What does Hu Jintao’s Great Hall removal mean?
A who, what, why on the dramatic moment China's last leader was removed from the Party Congress
24 Oct 22

Former Chinese leader Hu Jintao. Credit: Roman Kubanskiy/Wikimedia Commons


Former Chinese leader Hu Jintao. Credit: Roman Kubanskiy/Wikimedia Commons

Footage of China’s last leader, Hu Jintao, being removed from Beijing’s Great Hall stage during the twice-a-decade Communist Party Congress on Saturday has drawn global attention. It was a moment of drama in an otherwise tightly choreographed event. Hu, who had been seated at the front next to China’s current leader Xi Jinping, looked visibly confused as he was escorted away by two men. At one stage he tried to speak to Xi and even take some papers that were in front of him, only to be gently but firmly batted away. People quickly asked, what exactly just happened? Here is what we know:

Who exactly is Hu?

The man at the centre of the action, Hu Jintao held the highest office of the Chinese Communist Party between 2003 and 2013. While some aspects of free expression did constrict under his rule, he was largely seen as a moderate force, open to new ideas and the outside world. LGBTQ+ and women’s rights certainly gained ground under Hu. Xi Jinping’s rule has been markedly different, defined by anti-corruption campaigns sniffing out past cronyism and a sweeping attack on the central pillars of civil society.

What did Hu say to Xi?

The key to unlock the mystery. Sadly, no Mandarin-language lipreaders have come to the fore.

Was Hu ill?

Many people were quick to ask whether Hu, 79, was just poorly. It’s also the line that China’s official news agency Xinhua has run with. He had appeared slightly unsteady the Sunday before, during the opening ceremony of the congress, when he was assisted on to the same stage. But the evidence stops here. Beyond looking a bit confused as he walked away (fair enough), he had no visible signs of illness. There were also no paramedics, and no one made any effort to help him. One of the people pictured ushering Hu out is also believed to be Xi’s own bodyguard.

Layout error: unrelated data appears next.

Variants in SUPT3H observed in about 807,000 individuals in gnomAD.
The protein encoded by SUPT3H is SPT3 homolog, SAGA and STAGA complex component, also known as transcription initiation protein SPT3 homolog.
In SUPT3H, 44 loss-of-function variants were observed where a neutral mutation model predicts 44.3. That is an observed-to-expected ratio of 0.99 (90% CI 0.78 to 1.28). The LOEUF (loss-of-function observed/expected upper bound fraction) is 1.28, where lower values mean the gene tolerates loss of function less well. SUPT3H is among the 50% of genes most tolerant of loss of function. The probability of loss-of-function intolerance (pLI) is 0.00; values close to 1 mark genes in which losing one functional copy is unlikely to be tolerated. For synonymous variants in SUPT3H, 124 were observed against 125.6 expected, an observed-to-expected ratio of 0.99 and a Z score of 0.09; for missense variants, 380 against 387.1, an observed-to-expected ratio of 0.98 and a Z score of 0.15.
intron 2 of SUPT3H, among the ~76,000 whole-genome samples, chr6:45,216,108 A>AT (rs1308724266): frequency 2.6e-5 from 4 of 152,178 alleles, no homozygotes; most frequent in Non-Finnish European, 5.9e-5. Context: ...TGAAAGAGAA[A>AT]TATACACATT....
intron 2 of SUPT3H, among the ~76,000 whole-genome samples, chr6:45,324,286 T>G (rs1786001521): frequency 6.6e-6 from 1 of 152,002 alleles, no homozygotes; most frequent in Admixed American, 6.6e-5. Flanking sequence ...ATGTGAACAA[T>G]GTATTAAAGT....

If he wasn’t ill, what happened?

Most people now suspect it was orchestrated by Xi to send a message: any challenge to my rule – real or figurative – will not be tolerated. This is a new era. The old guard, whose influence had still somewhat lingered, are now well and truly out. And no one represented the old guard more than Hu, who incidentally obeyed the two-term limit which Xi has since overturned.

Would Xi be that ruthless?

Yes, he’s purged his party of all but loyalists, presided over the biggest crushing of dissent since Mao Zedong and has orchestrated a genocide against the Uyghur people. He doesn’t play nice.

Can you be certain this was what happened to Hu?

No, and we probably never will fully know. China’s elite party politics have always been defined by opacity and the broader environment is censored to the max. Any mention of the incident has been quickly scrubbed from online and people inside the room won’t talk.

What does this all mean then?

It’s not good. What little freedoms are left in the country look more precarious by the day. As author of The Great U.S.-China Tech War, Gordon G. Chang, commented straight after: “Hardliners are in and reformers are out of the #CCP’s Central Committee. #HuJintao, #XiJinping’s predecessor, was escorted out of the 20th National Congress, apparently against his will. If you’re still in #China, whether you are #Chinese or a foreigner, you should leave, now.” That might sound like hyperbole, but as mentioned above Xi is a ruthless leader.[/vc_column_text][/vc_column][/vc_row]

By Jemimah Steinfeld

Jemimah Steinfeld has lived and worked in both Shanghai and Beijing where she has written on a wide range of topics, with a particular focus on youth culture, gender and censorship. She is the author of the book Little Emperors and Material Girls: Sex and Youth in Modern China, which was described by the FT as "meticulously researched and highly readable". Jemimah has freelanced for a variety of publications, including The Guardian, The Telegraph, The Independent, Vice, CNN, Time Out and the Huffington Post. She has a degree in history from Bristol University and went on to study an MA in Chinese Studies at SOAS.